Welcome to The CITE -- a blog on Course materials, Innovation, and Technology in Education, created by Mark Nelson and now part of the Publications Department of the National Association of College Stores. CITE is a pun with multiple meanings - referring to cite as in citation, something people reference; site as in location, website, or place people go to; and sight as in foresight or looking ahead to what is coming. Comments, discussion, feedback and ideas are welcome.

Friday, July 9, 2010

Study finds K-20 institutions are embracing technology and e-learning slowly but steadily

The Software & Information Industry Association (SIIA) has released the results of its Spring 2010 SIIA Vision K-20 Survey. The SIIA vision is based on the belief that every K-20 institution should have an instructional and institutional framework that embraces technology and e-learning. Educators participating in the survey were asked to answer 20 benchmark statements to indicate their progress toward the SIIA measures and goals. The measures consist of: 21st century tools, anytime/anywhere access, differentiated learning, assessment tools, and enterprise support. While the goals include: meet the needs of all students; support accountability and inform instruction; deepen learning and motivate students; facilitate communication, connectivity and collaboration; manage the education enterprise effectively and economically; enable students to learn from any place at any time; and nurture creativity and self-expression.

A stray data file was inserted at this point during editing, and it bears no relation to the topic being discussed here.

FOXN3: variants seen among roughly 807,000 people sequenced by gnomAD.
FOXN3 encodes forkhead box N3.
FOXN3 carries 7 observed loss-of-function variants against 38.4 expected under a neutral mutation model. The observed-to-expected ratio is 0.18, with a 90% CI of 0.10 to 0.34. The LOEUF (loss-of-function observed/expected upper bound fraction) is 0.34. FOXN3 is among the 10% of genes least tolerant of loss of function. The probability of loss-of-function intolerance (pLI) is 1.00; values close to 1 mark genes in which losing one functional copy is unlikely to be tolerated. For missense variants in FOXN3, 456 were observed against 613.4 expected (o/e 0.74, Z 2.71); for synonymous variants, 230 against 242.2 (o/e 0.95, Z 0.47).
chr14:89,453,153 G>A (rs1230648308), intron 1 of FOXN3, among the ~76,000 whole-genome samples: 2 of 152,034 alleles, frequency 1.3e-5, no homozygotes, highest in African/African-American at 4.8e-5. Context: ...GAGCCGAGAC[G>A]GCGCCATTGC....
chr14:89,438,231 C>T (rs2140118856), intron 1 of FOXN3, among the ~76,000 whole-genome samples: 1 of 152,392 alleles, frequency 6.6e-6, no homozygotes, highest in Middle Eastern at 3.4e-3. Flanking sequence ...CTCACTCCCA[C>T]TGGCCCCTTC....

The survey was completed by 647 educators and showed that K-20 institutions are moving towards SIIA’s vision but the progress is slow. The average score for the 20 benchmark statements was 62% which represents a small increase over the scores reported in 2009 (61.8%) and 2008 (60.9%). As indicated in past surveys, postsecondary institutions are farther ahead than K-12 schools in almost every category. Overall, the two benchmarks with the highest level of achievement were: security tools to protect student data and privacy, and the availability of high-speed broadband access for robust communication, administrative, and instructional needs.

1 comment:

A. Parker, NYC said...

As a veteran elementary school teacher having taught in 4 different Title I public schools, it's plain to see that the slow progress may be because principals lack a strong knowledge base in educational technology and have no clue how to integrate technology across the curriculum. With so many online Master's degree or advanced certificate programs available it's a shame that some principals are not taking advantage of these opportunities that will move their leadership practices to the 21st century. Teachers need strong leaders that are abreast of current research based practices. And many of them are clueless!!! Many of them just want kids sitting in front of the computers with no sense of pedagogical direction. That's not enough! Principals need to inspect what they expect teachers to do. But in order to do this they have to first raise their own bar in educational technology!